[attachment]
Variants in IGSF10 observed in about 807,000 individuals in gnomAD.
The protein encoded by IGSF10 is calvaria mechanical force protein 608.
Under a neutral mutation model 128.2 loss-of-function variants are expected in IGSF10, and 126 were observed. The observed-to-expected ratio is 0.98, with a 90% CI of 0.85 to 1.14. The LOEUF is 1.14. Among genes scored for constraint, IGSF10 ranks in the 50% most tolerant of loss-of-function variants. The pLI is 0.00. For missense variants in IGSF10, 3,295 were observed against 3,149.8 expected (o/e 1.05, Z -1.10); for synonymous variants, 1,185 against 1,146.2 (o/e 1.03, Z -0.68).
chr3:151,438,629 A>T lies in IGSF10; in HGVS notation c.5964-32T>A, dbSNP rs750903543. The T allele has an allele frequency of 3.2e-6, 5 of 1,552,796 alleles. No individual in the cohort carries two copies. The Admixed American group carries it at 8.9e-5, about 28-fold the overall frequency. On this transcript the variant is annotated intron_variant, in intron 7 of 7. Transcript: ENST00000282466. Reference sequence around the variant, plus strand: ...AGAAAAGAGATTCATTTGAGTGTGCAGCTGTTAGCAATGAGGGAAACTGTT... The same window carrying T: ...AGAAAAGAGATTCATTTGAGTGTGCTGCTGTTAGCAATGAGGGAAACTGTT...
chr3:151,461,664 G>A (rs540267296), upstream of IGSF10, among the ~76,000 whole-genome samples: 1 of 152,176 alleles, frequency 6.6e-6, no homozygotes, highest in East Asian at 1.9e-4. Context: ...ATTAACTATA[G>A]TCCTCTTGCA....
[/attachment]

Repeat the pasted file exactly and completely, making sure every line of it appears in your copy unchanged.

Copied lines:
Variants in IGSF10 observed in about 807,000 individuals in gnomAD.
The protein encoded by IGSF10 is calvaria mechanical force protein 608.
Under a neutral mutation model 128.2 loss-of-function variants are expected in IGSF10, and 126 were observed. The observed-to-expected ratio is 0.98, with a 90% CI of 0.85 to 1.14. The LOEUF is 1.14. Among genes scored for constraint, IGSF10 ranks in the 50% most tolerant of loss-of-function variants. The pLI is 0.00. For missense variants in IGSF10, 3,295 were observed against 3,149.8 expected (o/e 1.05, Z -1.10); for synonymous variants, 1,185 against 1,146.2 (o/e 1.03, Z -0.68).
chr3:151,438,629 A>T lies in IGSF10; in HGVS notation c.5964-32T>A, dbSNP rs750903543. The T allele has an allele frequency of 3.2e-6, 5 of 1,552,796 alleles. No individual in the cohort carries two copies. The Admixed American group carries it at 8.9e-5, about 28-fold the overall frequency. On this transcript the variant is annotated intron_variant, in intron 7 of 7. Transcript: ENST00000282466. Reference sequence around the variant, plus strand: ...AGAAAAGAGATTCATTTGAGTGTGCAGCTGTTAGCAATGAGGGAAACTGTT... The same window carrying T: ...AGAAAAGAGATTCATTTGAGTGTGCTGCTGTTAGCAATGAGGGAAACTGTT...
chr3:151,461,664 G>A (rs540267296), upstream of IGSF10, among the ~76,000 whole-genome samples: 1 of 152,176 alleles, frequency 6.6e-6, no homozygotes, highest in East Asian at 1.9e-4. Context: ...ATTAACTATA[G>A]TCCTCTTGCA....